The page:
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Knitting Tips - How do I stop biasing? 
Most knitting will maintain its rectangular shape when you take it off the needles. When the square or rectangle you've knitted develops a pronounced slant, and turns into a trapezoid, the problem you are having is called "biasing." It's a frequent complaint with chenille yarns, with cottons (especially when the yarn is a "single" rather than a plied yarn) and sometimes even with wool.

What is happening is that extra twist in the yarn is influencing the knitting, and pushing it slantwise.

Here are some hints to help the problem.

1) Knit a strand of sewing thread or another very thin, well spun yarn along with the chenille. If it is in a matching color, it won't show at all. If it contrasts, think of it as a design element. This also helps prevent another frequent problem with chenille--worming (when loose loops of yarn pull out of the fabric and twist back on themselves, making little tails).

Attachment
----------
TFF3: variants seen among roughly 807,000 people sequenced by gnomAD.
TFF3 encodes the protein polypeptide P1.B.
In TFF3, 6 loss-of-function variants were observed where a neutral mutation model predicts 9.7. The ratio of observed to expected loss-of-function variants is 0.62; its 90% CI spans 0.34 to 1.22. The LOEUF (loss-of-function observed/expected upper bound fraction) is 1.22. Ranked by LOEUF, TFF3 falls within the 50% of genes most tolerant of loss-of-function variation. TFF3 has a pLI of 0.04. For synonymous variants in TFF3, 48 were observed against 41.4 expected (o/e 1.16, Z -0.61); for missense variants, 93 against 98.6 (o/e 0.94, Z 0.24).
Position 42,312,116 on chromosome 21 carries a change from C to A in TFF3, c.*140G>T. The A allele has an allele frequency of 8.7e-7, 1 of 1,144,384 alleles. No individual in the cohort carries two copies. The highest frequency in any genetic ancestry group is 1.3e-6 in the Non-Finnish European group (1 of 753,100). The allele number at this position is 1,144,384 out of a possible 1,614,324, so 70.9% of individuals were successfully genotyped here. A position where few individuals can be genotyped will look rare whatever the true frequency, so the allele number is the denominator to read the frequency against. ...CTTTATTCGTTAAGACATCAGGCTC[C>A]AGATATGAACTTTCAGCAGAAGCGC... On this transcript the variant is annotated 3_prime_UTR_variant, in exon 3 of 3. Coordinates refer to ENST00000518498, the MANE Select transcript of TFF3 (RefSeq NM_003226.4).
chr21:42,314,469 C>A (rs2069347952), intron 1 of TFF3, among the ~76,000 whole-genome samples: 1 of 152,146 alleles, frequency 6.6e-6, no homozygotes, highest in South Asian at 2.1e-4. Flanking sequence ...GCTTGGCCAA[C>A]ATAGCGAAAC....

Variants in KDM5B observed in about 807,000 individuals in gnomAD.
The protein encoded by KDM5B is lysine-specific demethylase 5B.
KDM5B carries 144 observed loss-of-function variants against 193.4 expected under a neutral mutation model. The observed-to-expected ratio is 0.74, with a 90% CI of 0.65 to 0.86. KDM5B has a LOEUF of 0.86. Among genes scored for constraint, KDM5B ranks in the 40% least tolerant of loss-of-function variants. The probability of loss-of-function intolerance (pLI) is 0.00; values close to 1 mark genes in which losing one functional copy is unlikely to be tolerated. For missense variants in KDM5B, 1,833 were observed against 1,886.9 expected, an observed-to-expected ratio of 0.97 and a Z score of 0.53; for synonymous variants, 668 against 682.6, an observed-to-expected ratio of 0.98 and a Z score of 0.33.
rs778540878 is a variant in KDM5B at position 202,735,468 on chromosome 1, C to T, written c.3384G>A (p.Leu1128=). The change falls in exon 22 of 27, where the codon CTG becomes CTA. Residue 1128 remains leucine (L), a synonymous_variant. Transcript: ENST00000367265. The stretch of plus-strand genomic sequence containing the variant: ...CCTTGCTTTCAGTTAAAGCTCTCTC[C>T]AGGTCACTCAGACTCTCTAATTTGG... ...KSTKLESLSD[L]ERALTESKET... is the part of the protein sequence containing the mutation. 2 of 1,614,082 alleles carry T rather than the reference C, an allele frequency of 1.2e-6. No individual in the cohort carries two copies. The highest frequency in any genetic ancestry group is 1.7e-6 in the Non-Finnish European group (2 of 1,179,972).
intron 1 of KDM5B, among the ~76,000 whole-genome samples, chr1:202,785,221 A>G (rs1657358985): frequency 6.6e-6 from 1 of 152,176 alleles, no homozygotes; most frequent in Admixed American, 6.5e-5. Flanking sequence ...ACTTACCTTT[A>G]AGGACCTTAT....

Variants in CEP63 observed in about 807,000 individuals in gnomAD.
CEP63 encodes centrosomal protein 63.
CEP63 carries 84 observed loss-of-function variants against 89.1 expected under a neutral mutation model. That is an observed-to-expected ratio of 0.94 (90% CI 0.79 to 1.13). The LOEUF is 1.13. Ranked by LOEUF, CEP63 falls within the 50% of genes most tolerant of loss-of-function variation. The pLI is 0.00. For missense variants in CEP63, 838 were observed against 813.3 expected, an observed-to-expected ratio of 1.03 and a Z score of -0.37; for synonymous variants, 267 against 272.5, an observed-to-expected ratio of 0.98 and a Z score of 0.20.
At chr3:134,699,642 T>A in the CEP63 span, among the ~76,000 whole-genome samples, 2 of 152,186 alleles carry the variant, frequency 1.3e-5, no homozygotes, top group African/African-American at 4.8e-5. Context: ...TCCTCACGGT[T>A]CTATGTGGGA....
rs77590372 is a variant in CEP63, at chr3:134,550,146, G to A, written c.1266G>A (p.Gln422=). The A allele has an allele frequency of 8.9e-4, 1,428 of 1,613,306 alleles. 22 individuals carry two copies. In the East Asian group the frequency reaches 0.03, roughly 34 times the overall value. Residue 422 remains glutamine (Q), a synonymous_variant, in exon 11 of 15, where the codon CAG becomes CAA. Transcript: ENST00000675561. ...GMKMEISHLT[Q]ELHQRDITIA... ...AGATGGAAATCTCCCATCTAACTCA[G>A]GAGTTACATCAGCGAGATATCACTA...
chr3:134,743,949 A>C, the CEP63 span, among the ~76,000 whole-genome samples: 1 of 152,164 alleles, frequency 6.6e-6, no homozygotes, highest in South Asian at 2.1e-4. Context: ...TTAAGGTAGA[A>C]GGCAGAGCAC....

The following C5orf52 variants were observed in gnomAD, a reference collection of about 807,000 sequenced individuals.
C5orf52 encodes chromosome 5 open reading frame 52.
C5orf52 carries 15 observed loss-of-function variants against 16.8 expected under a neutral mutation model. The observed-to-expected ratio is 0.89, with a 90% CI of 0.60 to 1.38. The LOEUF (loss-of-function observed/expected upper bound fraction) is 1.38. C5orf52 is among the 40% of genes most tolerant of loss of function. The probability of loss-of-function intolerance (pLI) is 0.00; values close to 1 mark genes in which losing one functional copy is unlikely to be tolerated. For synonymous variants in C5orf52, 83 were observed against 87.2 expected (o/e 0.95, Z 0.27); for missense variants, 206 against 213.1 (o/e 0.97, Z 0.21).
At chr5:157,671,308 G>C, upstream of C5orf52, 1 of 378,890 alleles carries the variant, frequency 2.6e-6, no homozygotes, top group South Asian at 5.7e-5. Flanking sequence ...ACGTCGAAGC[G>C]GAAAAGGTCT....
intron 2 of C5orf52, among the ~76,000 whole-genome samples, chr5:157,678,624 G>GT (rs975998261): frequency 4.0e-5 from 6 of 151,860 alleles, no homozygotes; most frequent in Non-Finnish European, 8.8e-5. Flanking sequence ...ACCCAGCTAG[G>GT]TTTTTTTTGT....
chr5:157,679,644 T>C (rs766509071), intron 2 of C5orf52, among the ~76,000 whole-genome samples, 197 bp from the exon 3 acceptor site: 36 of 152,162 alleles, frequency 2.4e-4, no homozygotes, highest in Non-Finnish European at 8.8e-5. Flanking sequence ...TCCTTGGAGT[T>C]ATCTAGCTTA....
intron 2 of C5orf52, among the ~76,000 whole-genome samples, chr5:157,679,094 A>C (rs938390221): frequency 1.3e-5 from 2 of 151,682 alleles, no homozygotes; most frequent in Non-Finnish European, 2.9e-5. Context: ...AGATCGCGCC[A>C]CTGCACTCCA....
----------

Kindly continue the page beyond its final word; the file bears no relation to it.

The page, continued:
2) Pick a pattern stitch that combines knit and purl stitches like seed stitch or moss stitch. Knits and purls together will help keep it from slanting. The pattern stitch used in the chinese waves dishcloth in the Free Patterns section of this web site is also a good stitch to stabilize the fabric. This pattern stitch is shown in the boarder on the left edge of the screen.

3) Use a smaller needle size. Knitting more tightly will help stabilize the fabric and stop biasing.

4) Do not knit seamless, circular garments with a yarn that has this problem. Knitting the garment pieces separately, and then seaming them will help to keep the fabric from biasing.

5) For purses, pillow covers, etc., you may be able to add a backing that will stabilize the fabric. Depending on the type of fiber that the yarn is made out of, you could use fusible interfacing (extra heavy weight, if you want it stiff) to stabilize the fabric. You can get this at a fabric store, but you must iron it on with a hot iron to fuse it to your knitting. This will only work if the yarn is made out of cotton, linen or wool. Other fibers will melt or be destroyed by the heat, so if there is any nylon, acrylic, or polyester in your yarn, you will probably want to avoid this.

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